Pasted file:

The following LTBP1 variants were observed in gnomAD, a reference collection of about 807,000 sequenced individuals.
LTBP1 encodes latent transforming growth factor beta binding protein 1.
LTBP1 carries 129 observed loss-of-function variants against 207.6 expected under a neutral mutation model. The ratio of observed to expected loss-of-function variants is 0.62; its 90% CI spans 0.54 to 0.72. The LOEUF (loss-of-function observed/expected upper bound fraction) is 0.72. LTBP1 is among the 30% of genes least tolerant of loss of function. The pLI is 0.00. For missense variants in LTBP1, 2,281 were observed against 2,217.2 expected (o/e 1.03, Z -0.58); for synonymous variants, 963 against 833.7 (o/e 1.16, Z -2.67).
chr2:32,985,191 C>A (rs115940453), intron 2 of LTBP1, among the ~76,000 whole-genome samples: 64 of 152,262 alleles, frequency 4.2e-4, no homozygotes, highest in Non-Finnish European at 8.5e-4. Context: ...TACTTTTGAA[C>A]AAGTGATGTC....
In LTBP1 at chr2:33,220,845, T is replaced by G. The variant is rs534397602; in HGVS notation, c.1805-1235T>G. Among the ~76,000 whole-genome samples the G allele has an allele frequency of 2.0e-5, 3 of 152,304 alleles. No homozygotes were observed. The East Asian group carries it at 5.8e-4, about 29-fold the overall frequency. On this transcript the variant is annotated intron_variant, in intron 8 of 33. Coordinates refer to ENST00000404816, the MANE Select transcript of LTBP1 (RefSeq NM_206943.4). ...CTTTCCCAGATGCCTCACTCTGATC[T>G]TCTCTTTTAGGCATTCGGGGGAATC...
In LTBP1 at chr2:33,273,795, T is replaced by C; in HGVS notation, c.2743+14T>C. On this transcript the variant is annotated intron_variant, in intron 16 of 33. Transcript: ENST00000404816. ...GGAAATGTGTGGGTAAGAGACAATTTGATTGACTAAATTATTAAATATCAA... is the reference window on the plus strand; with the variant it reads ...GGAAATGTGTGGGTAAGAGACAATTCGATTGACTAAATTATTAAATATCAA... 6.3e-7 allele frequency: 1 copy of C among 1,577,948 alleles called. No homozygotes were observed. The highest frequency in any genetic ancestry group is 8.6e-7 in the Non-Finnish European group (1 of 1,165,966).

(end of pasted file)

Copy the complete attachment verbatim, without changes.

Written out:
The following LTBP1 variants were observed in gnomAD, a reference collection of about 807,000 sequenced individuals.
LTBP1 encodes latent transforming growth factor beta binding protein 1.
LTBP1 carries 129 observed loss-of-function variants against 207.6 expected under a neutral mutation model. The ratio of observed to expected loss-of-function variants is 0.62; its 90% CI spans 0.54 to 0.72. The LOEUF (loss-of-function observed/expected upper bound fraction) is 0.72. LTBP1 is among the 30% of genes least tolerant of loss of function. The pLI is 0.00. For missense variants in LTBP1, 2,281 were observed against 2,217.2 expected (o/e 1.03, Z -0.58); for synonymous variants, 963 against 833.7 (o/e 1.16, Z -2.67).
chr2:32,985,191 C>A (rs115940453), intron 2 of LTBP1, among the ~76,000 whole-genome samples: 64 of 152,262 alleles, frequency 4.2e-4, no homozygotes, highest in Non-Finnish European at 8.5e-4. Context: ...TACTTTTGAA[C>A]AAGTGATGTC....
In LTBP1 at chr2:33,220,845, T is replaced by G. The variant is rs534397602; in HGVS notation, c.1805-1235T>G. Among the ~76,000 whole-genome samples the G allele has an allele frequency of 2.0e-5, 3 of 152,304 alleles. No homozygotes were observed. The East Asian group carries it at 5.8e-4, about 29-fold the overall frequency. On this transcript the variant is annotated intron_variant, in intron 8 of 33. Coordinates refer to ENST00000404816, the MANE Select transcript of LTBP1 (RefSeq NM_206943.4). ...CTTTCCCAGATGCCTCACTCTGATC[T>G]TCTCTTTTAGGCATTCGGGGGAATC...
In LTBP1 at chr2:33,273,795, T is replaced by C; in HGVS notation, c.2743+14T>C. On this transcript the variant is annotated intron_variant, in intron 16 of 33. Transcript: ENST00000404816. ...GGAAATGTGTGGGTAAGAGACAATTTGATTGACTAAATTATTAAATATCAA... is the reference window on the plus strand; with the variant it reads ...GGAAATGTGTGGGTAAGAGACAATTCGATTGACTAAATTATTAAATATCAA... 6.3e-7 allele frequency: 1 copy of C among 1,577,948 alleles called. No homozygotes were observed. The highest frequency in any genetic ancestry group is 8.6e-7 in the Non-Finnish European group (1 of 1,165,966).